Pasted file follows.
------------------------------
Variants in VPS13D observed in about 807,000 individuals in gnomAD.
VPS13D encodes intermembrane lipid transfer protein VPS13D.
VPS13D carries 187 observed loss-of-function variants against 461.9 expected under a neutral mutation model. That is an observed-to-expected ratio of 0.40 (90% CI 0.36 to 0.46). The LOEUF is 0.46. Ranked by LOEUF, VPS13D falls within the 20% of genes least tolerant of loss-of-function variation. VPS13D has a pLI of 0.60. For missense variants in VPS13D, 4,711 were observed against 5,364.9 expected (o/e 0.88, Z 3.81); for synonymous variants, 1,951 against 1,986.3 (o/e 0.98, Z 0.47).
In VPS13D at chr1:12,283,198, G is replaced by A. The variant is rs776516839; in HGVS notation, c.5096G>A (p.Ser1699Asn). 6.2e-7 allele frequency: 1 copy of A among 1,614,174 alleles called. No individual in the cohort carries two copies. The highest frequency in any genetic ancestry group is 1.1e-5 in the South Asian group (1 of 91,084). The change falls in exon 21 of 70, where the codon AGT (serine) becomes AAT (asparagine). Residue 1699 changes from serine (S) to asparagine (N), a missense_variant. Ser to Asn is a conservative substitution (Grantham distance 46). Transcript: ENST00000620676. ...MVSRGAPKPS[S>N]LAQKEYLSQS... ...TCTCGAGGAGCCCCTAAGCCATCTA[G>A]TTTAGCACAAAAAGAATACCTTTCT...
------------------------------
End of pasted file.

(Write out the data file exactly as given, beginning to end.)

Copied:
Variants in VPS13D observed in about 807,000 individuals in gnomAD.
VPS13D encodes intermembrane lipid transfer protein VPS13D.
VPS13D carries 187 observed loss-of-function variants against 461.9 expected under a neutral mutation model. That is an observed-to-expected ratio of 0.40 (90% CI 0.36 to 0.46). The LOEUF is 0.46. Ranked by LOEUF, VPS13D falls within the 20% of genes least tolerant of loss-of-function variation. VPS13D has a pLI of 0.60. For missense variants in VPS13D, 4,711 were observed against 5,364.9 expected (o/e 0.88, Z 3.81); for synonymous variants, 1,951 against 1,986.3 (o/e 0.98, Z 0.47).
In VPS13D at chr1:12,283,198, G is replaced by A. The variant is rs776516839; in HGVS notation, c.5096G>A (p.Ser1699Asn). 6.2e-7 allele frequency: 1 copy of A among 1,614,174 alleles called. No individual in the cohort carries two copies. The highest frequency in any genetic ancestry group is 1.1e-5 in the South Asian group (1 of 91,084). The change falls in exon 21 of 70, where the codon AGT (serine) becomes AAT (asparagine). Residue 1699 changes from serine (S) to asparagine (N), a missense_variant. Ser to Asn is a conservative substitution (Grantham distance 46). Transcript: ENST00000620676. ...MVSRGAPKPS[S>N]LAQKEYLSQS... ...TCTCGAGGAGCCCCTAAGCCATCTA[G>A]TTTAGCACAAAAAGAATACCTTTCT...